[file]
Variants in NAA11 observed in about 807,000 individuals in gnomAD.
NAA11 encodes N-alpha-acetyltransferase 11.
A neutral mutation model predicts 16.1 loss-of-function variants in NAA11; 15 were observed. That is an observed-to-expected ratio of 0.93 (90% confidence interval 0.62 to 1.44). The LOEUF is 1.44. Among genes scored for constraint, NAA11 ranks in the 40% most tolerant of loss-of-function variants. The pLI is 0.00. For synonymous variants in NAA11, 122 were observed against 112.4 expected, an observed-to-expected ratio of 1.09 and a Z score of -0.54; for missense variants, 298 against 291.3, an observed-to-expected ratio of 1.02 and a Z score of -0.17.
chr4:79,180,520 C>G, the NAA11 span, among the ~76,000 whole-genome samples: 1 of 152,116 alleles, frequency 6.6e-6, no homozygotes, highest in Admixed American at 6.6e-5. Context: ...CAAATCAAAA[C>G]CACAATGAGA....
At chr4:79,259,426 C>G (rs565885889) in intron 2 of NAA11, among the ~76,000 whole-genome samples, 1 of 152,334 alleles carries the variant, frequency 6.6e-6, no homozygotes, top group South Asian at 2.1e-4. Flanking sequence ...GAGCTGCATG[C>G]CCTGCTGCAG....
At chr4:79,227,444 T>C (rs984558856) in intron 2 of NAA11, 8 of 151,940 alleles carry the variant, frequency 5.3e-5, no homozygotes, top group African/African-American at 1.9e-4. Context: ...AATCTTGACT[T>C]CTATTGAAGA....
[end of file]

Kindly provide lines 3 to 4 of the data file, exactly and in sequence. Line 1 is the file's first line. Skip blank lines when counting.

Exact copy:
A neutral mutation model predicts 16.1 loss-of-function variants in NAA11; 15 were observed. That is an observed-to-expected ratio of 0.93 (90% confidence interval 0.62 to 1.44). The LOEUF is 1.44. Among genes scored for constraint, NAA11 ranks in the 40% most tolerant of loss-of-function variants. The pLI is 0.00. For synonymous variants in NAA11, 122 were observed against 112.4 expected, an observed-to-expected ratio of 1.09 and a Z score of -0.54; for missense variants, 298 against 291.3, an observed-to-expected ratio of 1.02 and a Z score of -0.17.
chr4:79,180,520 C>G, the NAA11 span, among the ~76,000 whole-genome samples: 1 of 152,116 alleles, frequency 6.6e-6, no homozygotes, highest in Admixed American at 6.6e-5. Context: ...CAAATCAAAA[C>G]CACAATGAGA....